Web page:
The Call Livepick-of-the-monthThis band had fans in high places and rightly so. This celebration captures their spirit well.

Lightyear / Label Records
CD:  14 tracks, 75 mins
DVD: 81 minutes + Bonus / Dolby Stereo 2.1 / 16:9 aspect ratio

When you can get Peter Gabriel and Simple Minds' Jim Kerr on backing vocals, you're special. That's what The Call did on their classic 1986 Reconciled album, as well as having Robbie Robertson guest on guitar. And they were special; Gabriel once reportedly called them, "the future of American music."

Bassist and front man Michael Been had a passionate approach to his music, fuelled by his faith, and the urgency of his emotions lit up that disc. In his later years, Been became roadie to his son Robert's band Black Rebel Motorcycle Club, and it was while working in that role that Been had a fatal heart attack in 2010. BRMC probably sold more albums, but those who discovered Reconciled in their formative years will see its emotional clout as far more important than many other discs which enjoyed more financial success.

This tribute, with Been almost seamlessly taking on his father's role, starts off with two great anthems from Reconciled. "I think of you... I look for you... Lord, I need you everywhere I go," he sings on "Everywhere I go," a declaration of dependence. Then comes a great teeth-gritted anthem of resolute faith. Accompanied by chiming bell-like keys and some sliding bass licks, on "I Still Believe (Grand Design)" he affirms:

"Flat on my back out at sea, hoping these waves don't cover me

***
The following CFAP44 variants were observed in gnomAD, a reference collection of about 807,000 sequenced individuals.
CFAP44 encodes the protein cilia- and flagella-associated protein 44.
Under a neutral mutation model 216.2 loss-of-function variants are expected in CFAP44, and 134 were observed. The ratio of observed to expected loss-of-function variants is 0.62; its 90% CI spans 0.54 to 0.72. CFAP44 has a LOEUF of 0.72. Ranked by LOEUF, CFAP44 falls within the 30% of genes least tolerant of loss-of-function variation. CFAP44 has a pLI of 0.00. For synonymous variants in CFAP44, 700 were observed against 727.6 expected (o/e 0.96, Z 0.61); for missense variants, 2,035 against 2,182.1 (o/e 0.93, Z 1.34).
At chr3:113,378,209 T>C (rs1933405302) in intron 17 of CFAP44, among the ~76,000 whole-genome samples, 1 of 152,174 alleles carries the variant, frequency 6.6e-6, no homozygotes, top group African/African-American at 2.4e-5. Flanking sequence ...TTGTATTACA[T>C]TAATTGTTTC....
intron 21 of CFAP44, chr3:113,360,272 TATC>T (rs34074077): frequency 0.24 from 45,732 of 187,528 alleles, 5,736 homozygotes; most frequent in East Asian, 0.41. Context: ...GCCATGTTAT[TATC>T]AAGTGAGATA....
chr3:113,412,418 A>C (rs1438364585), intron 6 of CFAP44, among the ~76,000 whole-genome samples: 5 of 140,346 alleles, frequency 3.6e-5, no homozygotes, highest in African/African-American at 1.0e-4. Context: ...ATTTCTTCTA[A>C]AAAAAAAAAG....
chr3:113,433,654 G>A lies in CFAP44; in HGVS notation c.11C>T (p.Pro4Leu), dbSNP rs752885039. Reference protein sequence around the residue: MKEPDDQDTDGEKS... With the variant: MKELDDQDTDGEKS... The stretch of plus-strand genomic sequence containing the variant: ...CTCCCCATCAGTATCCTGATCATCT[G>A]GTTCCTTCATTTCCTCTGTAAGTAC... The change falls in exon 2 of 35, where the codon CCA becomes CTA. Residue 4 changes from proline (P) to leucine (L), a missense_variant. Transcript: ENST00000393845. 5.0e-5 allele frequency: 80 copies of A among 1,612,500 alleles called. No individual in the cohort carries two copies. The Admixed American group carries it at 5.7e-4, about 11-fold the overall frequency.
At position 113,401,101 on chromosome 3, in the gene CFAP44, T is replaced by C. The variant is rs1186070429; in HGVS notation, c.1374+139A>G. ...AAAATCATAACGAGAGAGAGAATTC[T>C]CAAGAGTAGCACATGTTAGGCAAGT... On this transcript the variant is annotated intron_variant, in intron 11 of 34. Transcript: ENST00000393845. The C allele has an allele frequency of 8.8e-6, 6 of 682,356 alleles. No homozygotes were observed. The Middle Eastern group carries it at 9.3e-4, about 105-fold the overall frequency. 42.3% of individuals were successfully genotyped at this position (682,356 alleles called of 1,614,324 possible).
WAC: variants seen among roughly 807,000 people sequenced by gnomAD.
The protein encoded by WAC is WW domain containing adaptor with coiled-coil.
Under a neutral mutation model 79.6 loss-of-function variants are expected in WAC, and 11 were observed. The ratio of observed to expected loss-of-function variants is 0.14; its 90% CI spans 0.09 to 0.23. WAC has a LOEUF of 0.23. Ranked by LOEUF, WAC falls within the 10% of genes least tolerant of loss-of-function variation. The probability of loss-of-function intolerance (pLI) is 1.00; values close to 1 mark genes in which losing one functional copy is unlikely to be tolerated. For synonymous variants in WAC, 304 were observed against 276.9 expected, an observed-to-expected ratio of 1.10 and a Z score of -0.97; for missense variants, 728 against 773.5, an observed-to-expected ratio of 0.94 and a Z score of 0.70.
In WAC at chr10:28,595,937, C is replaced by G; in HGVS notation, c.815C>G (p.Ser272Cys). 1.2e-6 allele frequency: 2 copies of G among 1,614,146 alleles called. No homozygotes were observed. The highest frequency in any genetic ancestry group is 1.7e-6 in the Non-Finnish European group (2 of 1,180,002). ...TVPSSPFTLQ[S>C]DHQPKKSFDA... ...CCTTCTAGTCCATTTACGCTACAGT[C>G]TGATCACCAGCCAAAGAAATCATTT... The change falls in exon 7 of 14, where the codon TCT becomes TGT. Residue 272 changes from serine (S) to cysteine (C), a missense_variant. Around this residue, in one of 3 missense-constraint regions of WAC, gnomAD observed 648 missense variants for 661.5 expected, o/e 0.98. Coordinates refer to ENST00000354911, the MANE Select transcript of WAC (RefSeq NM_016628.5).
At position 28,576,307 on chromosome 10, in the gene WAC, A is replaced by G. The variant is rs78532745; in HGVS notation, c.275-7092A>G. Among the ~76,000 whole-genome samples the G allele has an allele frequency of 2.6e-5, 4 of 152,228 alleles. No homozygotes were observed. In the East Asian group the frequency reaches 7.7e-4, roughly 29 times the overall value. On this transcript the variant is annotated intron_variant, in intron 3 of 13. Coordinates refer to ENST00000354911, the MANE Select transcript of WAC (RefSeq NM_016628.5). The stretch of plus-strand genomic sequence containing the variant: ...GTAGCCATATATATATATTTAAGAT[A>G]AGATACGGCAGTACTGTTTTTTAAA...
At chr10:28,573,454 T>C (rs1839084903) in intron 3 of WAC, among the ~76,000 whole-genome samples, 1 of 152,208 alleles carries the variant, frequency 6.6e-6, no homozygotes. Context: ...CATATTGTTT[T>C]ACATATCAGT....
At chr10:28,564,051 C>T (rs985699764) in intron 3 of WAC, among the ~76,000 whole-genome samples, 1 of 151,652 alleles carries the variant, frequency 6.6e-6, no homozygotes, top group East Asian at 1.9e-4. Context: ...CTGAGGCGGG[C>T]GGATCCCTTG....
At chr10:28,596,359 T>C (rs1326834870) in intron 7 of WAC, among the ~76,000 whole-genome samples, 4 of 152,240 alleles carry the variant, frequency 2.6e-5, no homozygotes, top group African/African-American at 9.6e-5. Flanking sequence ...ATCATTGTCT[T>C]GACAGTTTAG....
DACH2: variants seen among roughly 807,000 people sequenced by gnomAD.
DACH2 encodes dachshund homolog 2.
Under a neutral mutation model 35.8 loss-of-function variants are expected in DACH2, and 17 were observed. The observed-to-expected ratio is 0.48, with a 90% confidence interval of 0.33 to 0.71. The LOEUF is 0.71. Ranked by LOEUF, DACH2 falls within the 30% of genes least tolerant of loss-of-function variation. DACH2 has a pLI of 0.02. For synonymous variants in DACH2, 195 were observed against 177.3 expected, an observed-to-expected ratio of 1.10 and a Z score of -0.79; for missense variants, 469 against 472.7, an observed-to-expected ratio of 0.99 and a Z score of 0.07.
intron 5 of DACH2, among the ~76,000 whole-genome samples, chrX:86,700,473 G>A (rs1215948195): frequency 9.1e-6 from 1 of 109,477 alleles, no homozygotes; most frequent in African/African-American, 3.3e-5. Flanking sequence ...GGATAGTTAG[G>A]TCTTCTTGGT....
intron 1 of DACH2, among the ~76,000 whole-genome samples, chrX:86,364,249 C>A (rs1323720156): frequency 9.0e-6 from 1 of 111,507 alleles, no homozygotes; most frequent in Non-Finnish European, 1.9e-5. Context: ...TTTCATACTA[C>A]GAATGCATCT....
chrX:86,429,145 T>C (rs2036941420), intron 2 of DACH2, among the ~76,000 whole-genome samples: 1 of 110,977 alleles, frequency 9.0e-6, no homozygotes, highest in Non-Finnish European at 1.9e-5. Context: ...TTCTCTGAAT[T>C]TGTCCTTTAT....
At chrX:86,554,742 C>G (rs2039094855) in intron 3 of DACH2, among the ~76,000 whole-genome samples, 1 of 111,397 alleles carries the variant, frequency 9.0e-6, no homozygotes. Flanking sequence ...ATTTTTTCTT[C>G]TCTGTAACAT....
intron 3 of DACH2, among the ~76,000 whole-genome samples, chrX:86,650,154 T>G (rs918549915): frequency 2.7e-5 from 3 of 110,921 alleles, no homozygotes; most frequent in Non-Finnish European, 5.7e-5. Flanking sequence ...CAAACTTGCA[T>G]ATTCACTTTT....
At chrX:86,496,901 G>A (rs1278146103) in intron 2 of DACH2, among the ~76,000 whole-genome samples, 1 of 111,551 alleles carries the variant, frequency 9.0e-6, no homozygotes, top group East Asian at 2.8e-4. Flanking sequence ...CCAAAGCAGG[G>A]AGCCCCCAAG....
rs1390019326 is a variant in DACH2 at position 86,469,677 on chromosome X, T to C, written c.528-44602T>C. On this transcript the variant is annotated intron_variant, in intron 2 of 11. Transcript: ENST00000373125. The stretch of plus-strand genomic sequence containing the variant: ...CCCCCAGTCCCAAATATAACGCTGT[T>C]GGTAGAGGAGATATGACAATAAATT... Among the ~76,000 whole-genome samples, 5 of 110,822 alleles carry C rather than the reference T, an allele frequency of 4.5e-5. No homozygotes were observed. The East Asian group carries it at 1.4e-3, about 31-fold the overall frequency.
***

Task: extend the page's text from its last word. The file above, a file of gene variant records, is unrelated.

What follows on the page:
Lord, I'm turned and tossed upon the waves.
When the darkness comes, I feel the grave,
But I still believe, I still believe.
Through the shame and through the grief,
Through the heartache, through the tears,
Through the waiting, through the years,
I still believe, I still believe,
People like us in places like this
Need all the hope that we can get."

At the other end of the set, a stripped back solo account of "You Run" adds to the exhaustion and personal angst of the lyrics.

In between, the celebratory "Let the Day begin" with its big chords and slide solo is always enjoyable. It's like God smiling on his creation early in the morning. "Floating Back" has a very '80s bass riff, but these pieces generally sit at the grungier end of Indie rock and straddle enough sub-genres to still please a range of listeners.

Initially, the disc probably suffers a little from comparisons with the original studio work, but after a few plays, the power of these songs returns. Huge audiophile and Tollbooth favourite Michael Pritzl mixed and mastered this one. At times the sound can appear a little mushy, but actually the instruments are each picked out clearly. If anything leaves you wanting to crank the sound up further, it's more because guitarist Tom Ferrier eschews the heavy riffs that some of these understated songs could easily take. Been draws the shapes of these aching, tautly constructed works with a muscular bass and Ferrier seems happy to colour in between these lines.

The DVD (complete with behind-the-scenes footage) features the same full set from Los Angeles' intimate, smoky Troubadour club, together with a few bonus tracks. Unpretentiously, it captures the atmosphere created by an enthusiastic crowd, who are clearly thrilled to be able to re-live these songs.

It's hard to tell whether this will bring in many new admirers, but Call fans will surely appreciate this suitably impassioned swansong.

Derek Walker

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